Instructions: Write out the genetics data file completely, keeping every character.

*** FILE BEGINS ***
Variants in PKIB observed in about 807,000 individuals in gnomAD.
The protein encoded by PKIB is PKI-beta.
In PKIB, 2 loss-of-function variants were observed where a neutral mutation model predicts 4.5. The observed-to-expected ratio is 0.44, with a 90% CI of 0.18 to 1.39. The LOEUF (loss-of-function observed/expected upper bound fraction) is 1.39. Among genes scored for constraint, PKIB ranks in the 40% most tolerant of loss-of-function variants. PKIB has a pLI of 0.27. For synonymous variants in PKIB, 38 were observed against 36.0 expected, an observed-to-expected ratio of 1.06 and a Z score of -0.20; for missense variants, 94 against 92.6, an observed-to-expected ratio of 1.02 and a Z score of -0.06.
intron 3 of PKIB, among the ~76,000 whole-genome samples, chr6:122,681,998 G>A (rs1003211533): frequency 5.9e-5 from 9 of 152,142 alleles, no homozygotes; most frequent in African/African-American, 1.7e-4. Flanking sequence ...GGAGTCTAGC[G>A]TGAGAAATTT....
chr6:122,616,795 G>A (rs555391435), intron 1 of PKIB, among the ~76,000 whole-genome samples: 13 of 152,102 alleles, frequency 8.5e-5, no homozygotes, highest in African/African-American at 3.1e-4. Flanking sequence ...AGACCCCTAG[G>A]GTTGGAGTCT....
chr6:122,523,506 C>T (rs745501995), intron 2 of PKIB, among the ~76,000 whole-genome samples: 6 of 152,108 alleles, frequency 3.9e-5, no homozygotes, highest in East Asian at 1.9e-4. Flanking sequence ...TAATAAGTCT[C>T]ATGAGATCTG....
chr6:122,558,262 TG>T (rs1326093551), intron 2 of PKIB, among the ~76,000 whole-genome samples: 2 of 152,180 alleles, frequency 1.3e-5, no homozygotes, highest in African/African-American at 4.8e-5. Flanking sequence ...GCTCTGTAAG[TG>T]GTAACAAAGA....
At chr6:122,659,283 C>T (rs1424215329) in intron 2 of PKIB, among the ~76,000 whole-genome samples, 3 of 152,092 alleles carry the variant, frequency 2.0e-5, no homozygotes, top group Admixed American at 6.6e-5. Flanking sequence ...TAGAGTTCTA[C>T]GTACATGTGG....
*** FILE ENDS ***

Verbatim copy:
Variants in PKIB observed in about 807,000 individuals in gnomAD.
The protein encoded by PKIB is PKI-beta.
In PKIB, 2 loss-of-function variants were observed where a neutral mutation model predicts 4.5. The observed-to-expected ratio is 0.44, with a 90% CI of 0.18 to 1.39. The LOEUF (loss-of-function observed/expected upper bound fraction) is 1.39. Among genes scored for constraint, PKIB ranks in the 40% most tolerant of loss-of-function variants. PKIB has a pLI of 0.27. For synonymous variants in PKIB, 38 were observed against 36.0 expected, an observed-to-expected ratio of 1.06 and a Z score of -0.20; for missense variants, 94 against 92.6, an observed-to-expected ratio of 1.02 and a Z score of -0.06.
intron 3 of PKIB, among the ~76,000 whole-genome samples, chr6:122,681,998 G>A (rs1003211533): frequency 5.9e-5 from 9 of 152,142 alleles, no homozygotes; most frequent in African/African-American, 1.7e-4. Flanking sequence ...GGAGTCTAGC[G>A]TGAGAAATTT....
chr6:122,616,795 G>A (rs555391435), intron 1 of PKIB, among the ~76,000 whole-genome samples: 13 of 152,102 alleles, frequency 8.5e-5, no homozygotes, highest in African/African-American at 3.1e-4. Flanking sequence ...AGACCCCTAG[G>A]GTTGGAGTCT....
chr6:122,523,506 C>T (rs745501995), intron 2 of PKIB, among the ~76,000 whole-genome samples: 6 of 152,108 alleles, frequency 3.9e-5, no homozygotes, highest in East Asian at 1.9e-4. Flanking sequence ...TAATAAGTCT[C>T]ATGAGATCTG....
chr6:122,558,262 TG>T (rs1326093551), intron 2 of PKIB, among the ~76,000 whole-genome samples: 2 of 152,180 alleles, frequency 1.3e-5, no homozygotes, highest in African/African-American at 4.8e-5. Flanking sequence ...GCTCTGTAAG[TG>T]GTAACAAAGA....
At chr6:122,659,283 C>T (rs1424215329) in intron 2 of PKIB, among the ~76,000 whole-genome samples, 3 of 152,092 alleles carry the variant, frequency 2.0e-5, no homozygotes, top group Admixed American at 6.6e-5. Flanking sequence ...TAGAGTTCTA[C>T]GTACATGTGG....